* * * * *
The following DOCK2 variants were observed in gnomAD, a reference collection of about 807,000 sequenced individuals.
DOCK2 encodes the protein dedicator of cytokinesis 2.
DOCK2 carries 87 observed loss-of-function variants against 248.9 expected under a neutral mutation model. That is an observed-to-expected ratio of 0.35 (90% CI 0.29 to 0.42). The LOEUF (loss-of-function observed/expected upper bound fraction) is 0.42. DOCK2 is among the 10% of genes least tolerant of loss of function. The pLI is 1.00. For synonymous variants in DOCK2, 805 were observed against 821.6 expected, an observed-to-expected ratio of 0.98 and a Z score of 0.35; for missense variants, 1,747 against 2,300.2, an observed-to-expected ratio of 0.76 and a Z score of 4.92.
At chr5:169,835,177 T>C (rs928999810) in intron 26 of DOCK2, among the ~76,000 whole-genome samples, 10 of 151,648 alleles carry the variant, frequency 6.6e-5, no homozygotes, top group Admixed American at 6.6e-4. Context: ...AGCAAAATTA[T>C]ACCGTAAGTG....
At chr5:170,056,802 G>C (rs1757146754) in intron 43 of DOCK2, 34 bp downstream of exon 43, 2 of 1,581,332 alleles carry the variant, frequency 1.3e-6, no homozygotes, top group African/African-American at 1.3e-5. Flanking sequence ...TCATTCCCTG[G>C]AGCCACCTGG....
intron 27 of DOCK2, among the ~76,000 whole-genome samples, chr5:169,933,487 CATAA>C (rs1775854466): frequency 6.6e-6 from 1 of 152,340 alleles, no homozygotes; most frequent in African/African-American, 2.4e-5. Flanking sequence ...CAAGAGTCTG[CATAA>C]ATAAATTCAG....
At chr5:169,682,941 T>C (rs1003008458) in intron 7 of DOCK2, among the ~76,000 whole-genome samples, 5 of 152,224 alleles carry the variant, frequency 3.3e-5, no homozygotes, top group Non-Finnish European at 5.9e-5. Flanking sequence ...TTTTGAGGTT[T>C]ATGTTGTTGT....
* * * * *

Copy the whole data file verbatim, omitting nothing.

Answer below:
The following DOCK2 variants were observed in gnomAD, a reference collection of about 807,000 sequenced individuals.
DOCK2 encodes the protein dedicator of cytokinesis 2.
DOCK2 carries 87 observed loss-of-function variants against 248.9 expected under a neutral mutation model. That is an observed-to-expected ratio of 0.35 (90% CI 0.29 to 0.42). The LOEUF (loss-of-function observed/expected upper bound fraction) is 0.42. DOCK2 is among the 10% of genes least tolerant of loss of function. The pLI is 1.00. For synonymous variants in DOCK2, 805 were observed against 821.6 expected, an observed-to-expected ratio of 0.98 and a Z score of 0.35; for missense variants, 1,747 against 2,300.2, an observed-to-expected ratio of 0.76 and a Z score of 4.92.
At chr5:169,835,177 T>C (rs928999810) in intron 26 of DOCK2, among the ~76,000 whole-genome samples, 10 of 151,648 alleles carry the variant, frequency 6.6e-5, no homozygotes, top group Admixed American at 6.6e-4. Context: ...AGCAAAATTA[T>C]ACCGTAAGTG....
At chr5:170,056,802 G>C (rs1757146754) in intron 43 of DOCK2, 34 bp downstream of exon 43, 2 of 1,581,332 alleles carry the variant, frequency 1.3e-6, no homozygotes, top group African/African-American at 1.3e-5. Flanking sequence ...TCATTCCCTG[G>C]AGCCACCTGG....
intron 27 of DOCK2, among the ~76,000 whole-genome samples, chr5:169,933,487 CATAA>C (rs1775854466): frequency 6.6e-6 from 1 of 152,340 alleles, no homozygotes; most frequent in African/African-American, 2.4e-5. Flanking sequence ...CAAGAGTCTG[CATAA>C]ATAAATTCAG....
At chr5:169,682,941 T>C (rs1003008458) in intron 7 of DOCK2, among the ~76,000 whole-genome samples, 5 of 152,224 alleles carry the variant, frequency 3.3e-5, no homozygotes, top group Non-Finnish European at 5.9e-5. Flanking sequence ...TTTTGAGGTT[T>C]ATGTTGTTGT....